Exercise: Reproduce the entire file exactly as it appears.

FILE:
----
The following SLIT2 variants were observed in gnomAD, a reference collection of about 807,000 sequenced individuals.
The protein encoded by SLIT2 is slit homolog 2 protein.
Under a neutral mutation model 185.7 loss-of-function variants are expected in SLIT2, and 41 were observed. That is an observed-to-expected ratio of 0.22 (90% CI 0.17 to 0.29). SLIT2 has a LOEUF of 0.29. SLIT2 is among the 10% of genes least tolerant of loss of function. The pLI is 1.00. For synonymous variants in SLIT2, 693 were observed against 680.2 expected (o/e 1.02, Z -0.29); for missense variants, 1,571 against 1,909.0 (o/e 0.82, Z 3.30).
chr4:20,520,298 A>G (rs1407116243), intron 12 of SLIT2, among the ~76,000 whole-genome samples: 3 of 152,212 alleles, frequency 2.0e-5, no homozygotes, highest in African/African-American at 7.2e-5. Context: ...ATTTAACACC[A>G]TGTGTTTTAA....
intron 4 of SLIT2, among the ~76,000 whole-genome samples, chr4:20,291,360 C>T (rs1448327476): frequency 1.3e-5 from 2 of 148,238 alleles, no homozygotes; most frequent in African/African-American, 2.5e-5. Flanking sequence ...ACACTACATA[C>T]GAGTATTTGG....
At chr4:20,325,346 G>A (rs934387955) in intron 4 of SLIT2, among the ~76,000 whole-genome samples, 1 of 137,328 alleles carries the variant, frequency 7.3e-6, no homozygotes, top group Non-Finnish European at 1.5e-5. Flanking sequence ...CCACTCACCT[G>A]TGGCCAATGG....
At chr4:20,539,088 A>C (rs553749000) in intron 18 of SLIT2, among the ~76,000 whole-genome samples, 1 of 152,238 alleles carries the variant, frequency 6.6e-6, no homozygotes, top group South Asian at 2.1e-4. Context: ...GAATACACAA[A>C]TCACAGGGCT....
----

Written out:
The following SLIT2 variants were observed in gnomAD, a reference collection of about 807,000 sequenced individuals.
The protein encoded by SLIT2 is slit homolog 2 protein.
Under a neutral mutation model 185.7 loss-of-function variants are expected in SLIT2, and 41 were observed. That is an observed-to-expected ratio of 0.22 (90% CI 0.17 to 0.29). SLIT2 has a LOEUF of 0.29. SLIT2 is among the 10% of genes least tolerant of loss of function. The pLI is 1.00. For synonymous variants in SLIT2, 693 were observed against 680.2 expected (o/e 1.02, Z -0.29); for missense variants, 1,571 against 1,909.0 (o/e 0.82, Z 3.30).
chr4:20,520,298 A>G (rs1407116243), intron 12 of SLIT2, among the ~76,000 whole-genome samples: 3 of 152,212 alleles, frequency 2.0e-5, no homozygotes, highest in African/African-American at 7.2e-5. Context: ...ATTTAACACC[A>G]TGTGTTTTAA....
intron 4 of SLIT2, among the ~76,000 whole-genome samples, chr4:20,291,360 C>T (rs1448327476): frequency 1.3e-5 from 2 of 148,238 alleles, no homozygotes; most frequent in African/African-American, 2.5e-5. Flanking sequence ...ACACTACATA[C>T]GAGTATTTGG....
At chr4:20,325,346 G>A (rs934387955) in intron 4 of SLIT2, among the ~76,000 whole-genome samples, 1 of 137,328 alleles carries the variant, frequency 7.3e-6, no homozygotes, top group Non-Finnish European at 1.5e-5. Flanking sequence ...CCACTCACCT[G>A]TGGCCAATGG....
At chr4:20,539,088 A>C (rs553749000) in intron 18 of SLIT2, among the ~76,000 whole-genome samples, 1 of 152,238 alleles carries the variant, frequency 6.6e-6, no homozygotes, top group South Asian at 2.1e-4. Context: ...GAATACACAA[A>C]TCACAGGGCT....